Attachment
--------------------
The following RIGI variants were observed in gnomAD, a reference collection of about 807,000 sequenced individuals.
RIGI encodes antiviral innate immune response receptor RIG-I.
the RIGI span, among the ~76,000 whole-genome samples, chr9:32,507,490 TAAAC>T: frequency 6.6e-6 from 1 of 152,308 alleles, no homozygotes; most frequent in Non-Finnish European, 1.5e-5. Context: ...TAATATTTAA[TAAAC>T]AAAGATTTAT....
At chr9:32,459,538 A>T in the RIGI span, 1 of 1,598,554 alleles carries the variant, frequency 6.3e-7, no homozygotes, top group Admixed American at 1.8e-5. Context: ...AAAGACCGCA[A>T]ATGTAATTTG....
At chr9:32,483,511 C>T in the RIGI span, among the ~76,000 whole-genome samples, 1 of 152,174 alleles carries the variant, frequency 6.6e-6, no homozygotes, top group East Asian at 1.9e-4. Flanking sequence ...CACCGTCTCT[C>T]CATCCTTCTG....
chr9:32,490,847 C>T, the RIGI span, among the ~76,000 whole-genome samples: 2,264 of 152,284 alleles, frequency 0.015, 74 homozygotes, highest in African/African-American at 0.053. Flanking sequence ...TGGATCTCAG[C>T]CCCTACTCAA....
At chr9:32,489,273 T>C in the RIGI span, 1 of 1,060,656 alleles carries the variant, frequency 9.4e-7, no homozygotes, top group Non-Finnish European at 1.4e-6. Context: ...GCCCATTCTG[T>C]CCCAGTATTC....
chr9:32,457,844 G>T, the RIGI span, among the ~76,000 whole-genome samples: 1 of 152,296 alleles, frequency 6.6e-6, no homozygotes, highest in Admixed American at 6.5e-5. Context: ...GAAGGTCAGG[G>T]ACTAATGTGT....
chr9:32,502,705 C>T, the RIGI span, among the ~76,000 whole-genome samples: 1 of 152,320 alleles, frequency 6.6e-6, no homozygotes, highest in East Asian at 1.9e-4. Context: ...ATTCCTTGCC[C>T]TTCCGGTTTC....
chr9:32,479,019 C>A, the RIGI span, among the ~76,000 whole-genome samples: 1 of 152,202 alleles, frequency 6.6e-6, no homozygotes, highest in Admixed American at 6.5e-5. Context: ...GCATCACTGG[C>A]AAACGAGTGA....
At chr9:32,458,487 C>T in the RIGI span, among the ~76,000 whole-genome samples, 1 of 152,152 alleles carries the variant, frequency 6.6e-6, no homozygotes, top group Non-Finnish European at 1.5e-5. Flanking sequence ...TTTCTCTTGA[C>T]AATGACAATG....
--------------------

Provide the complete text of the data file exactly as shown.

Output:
The following RIGI variants were observed in gnomAD, a reference collection of about 807,000 sequenced individuals.
RIGI encodes antiviral innate immune response receptor RIG-I.
the RIGI span, among the ~76,000 whole-genome samples, chr9:32,507,490 TAAAC>T: frequency 6.6e-6 from 1 of 152,308 alleles, no homozygotes; most frequent in Non-Finnish European, 1.5e-5. Context: ...TAATATTTAA[TAAAC>T]AAAGATTTAT....
At chr9:32,459,538 A>T in the RIGI span, 1 of 1,598,554 alleles carries the variant, frequency 6.3e-7, no homozygotes, top group Admixed American at 1.8e-5. Context: ...AAAGACCGCA[A>T]ATGTAATTTG....
At chr9:32,483,511 C>T in the RIGI span, among the ~76,000 whole-genome samples, 1 of 152,174 alleles carries the variant, frequency 6.6e-6, no homozygotes, top group East Asian at 1.9e-4. Flanking sequence ...CACCGTCTCT[C>T]CATCCTTCTG....
chr9:32,490,847 C>T, the RIGI span, among the ~76,000 whole-genome samples: 2,264 of 152,284 alleles, frequency 0.015, 74 homozygotes, highest in African/African-American at 0.053. Flanking sequence ...TGGATCTCAG[C>T]CCCTACTCAA....
At chr9:32,489,273 T>C in the RIGI span, 1 of 1,060,656 alleles carries the variant, frequency 9.4e-7, no homozygotes, top group Non-Finnish European at 1.4e-6. Context: ...GCCCATTCTG[T>C]CCCAGTATTC....
chr9:32,457,844 G>T, the RIGI span, among the ~76,000 whole-genome samples: 1 of 152,296 alleles, frequency 6.6e-6, no homozygotes, highest in Admixed American at 6.5e-5. Context: ...GAAGGTCAGG[G>T]ACTAATGTGT....
chr9:32,502,705 C>T, the RIGI span, among the ~76,000 whole-genome samples: 1 of 152,320 alleles, frequency 6.6e-6, no homozygotes, highest in East Asian at 1.9e-4. Context: ...ATTCCTTGCC[C>T]TTCCGGTTTC....
chr9:32,479,019 C>A, the RIGI span, among the ~76,000 whole-genome samples: 1 of 152,202 alleles, frequency 6.6e-6, no homozygotes, highest in Admixed American at 6.5e-5. Context: ...GCATCACTGG[C>A]AAACGAGTGA....
At chr9:32,458,487 C>T in the RIGI span, among the ~76,000 whole-genome samples, 1 of 152,152 alleles carries the variant, frequency 6.6e-6, no homozygotes, top group Non-Finnish European at 1.5e-5. Flanking sequence ...TTTCTCTTGA[C>T]AATGACAATG....